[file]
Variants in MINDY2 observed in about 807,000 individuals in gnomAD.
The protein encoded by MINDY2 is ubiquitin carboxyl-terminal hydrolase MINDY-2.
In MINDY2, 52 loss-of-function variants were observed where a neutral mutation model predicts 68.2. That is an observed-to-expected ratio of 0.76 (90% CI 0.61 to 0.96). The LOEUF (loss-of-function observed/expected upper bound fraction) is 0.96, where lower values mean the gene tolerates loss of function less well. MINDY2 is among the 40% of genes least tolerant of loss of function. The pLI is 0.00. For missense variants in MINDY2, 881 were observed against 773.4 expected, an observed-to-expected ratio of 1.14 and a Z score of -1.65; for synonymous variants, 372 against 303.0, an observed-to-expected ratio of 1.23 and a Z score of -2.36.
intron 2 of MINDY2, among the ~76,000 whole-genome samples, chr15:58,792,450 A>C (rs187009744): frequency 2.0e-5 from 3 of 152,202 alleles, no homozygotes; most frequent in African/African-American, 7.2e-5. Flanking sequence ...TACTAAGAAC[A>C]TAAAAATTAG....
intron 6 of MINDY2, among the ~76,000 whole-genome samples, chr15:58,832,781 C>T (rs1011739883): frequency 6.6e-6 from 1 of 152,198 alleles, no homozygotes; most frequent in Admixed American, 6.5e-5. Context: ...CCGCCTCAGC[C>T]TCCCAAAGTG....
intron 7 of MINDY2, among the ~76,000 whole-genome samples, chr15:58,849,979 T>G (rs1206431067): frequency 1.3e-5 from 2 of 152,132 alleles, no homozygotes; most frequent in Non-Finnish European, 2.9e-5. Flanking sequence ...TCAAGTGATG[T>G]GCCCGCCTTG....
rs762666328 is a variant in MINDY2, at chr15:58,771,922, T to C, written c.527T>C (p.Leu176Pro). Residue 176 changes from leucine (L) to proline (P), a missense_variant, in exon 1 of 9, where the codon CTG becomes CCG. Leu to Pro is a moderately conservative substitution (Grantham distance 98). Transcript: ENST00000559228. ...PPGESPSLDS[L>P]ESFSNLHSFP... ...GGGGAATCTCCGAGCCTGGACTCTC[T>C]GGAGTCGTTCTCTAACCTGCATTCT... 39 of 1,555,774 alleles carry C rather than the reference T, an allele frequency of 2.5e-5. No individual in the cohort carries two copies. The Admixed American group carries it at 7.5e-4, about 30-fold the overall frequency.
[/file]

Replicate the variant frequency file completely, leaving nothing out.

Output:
Variants in MINDY2 observed in about 807,000 individuals in gnomAD.
The protein encoded by MINDY2 is ubiquitin carboxyl-terminal hydrolase MINDY-2.
In MINDY2, 52 loss-of-function variants were observed where a neutral mutation model predicts 68.2. That is an observed-to-expected ratio of 0.76 (90% CI 0.61 to 0.96). The LOEUF (loss-of-function observed/expected upper bound fraction) is 0.96, where lower values mean the gene tolerates loss of function less well. MINDY2 is among the 40% of genes least tolerant of loss of function. The pLI is 0.00. For missense variants in MINDY2, 881 were observed against 773.4 expected, an observed-to-expected ratio of 1.14 and a Z score of -1.65; for synonymous variants, 372 against 303.0, an observed-to-expected ratio of 1.23 and a Z score of -2.36.
intron 2 of MINDY2, among the ~76,000 whole-genome samples, chr15:58,792,450 A>C (rs187009744): frequency 2.0e-5 from 3 of 152,202 alleles, no homozygotes; most frequent in African/African-American, 7.2e-5. Flanking sequence ...TACTAAGAAC[A>C]TAAAAATTAG....
intron 6 of MINDY2, among the ~76,000 whole-genome samples, chr15:58,832,781 C>T (rs1011739883): frequency 6.6e-6 from 1 of 152,198 alleles, no homozygotes; most frequent in Admixed American, 6.5e-5. Context: ...CCGCCTCAGC[C>T]TCCCAAAGTG....
intron 7 of MINDY2, among the ~76,000 whole-genome samples, chr15:58,849,979 T>G (rs1206431067): frequency 1.3e-5 from 2 of 152,132 alleles, no homozygotes; most frequent in Non-Finnish European, 2.9e-5. Flanking sequence ...TCAAGTGATG[T>G]GCCCGCCTTG....
rs762666328 is a variant in MINDY2, at chr15:58,771,922, T to C, written c.527T>C (p.Leu176Pro). Residue 176 changes from leucine (L) to proline (P), a missense_variant, in exon 1 of 9, where the codon CTG becomes CCG. Leu to Pro is a moderately conservative substitution (Grantham distance 98). Transcript: ENST00000559228. ...PPGESPSLDS[L>P]ESFSNLHSFP... ...GGGGAATCTCCGAGCCTGGACTCTC[T>C]GGAGTCGTTCTCTAACCTGCATTCT... 39 of 1,555,774 alleles carry C rather than the reference T, an allele frequency of 2.5e-5. No individual in the cohort carries two copies. The Admixed American group carries it at 7.5e-4, about 30-fold the overall frequency.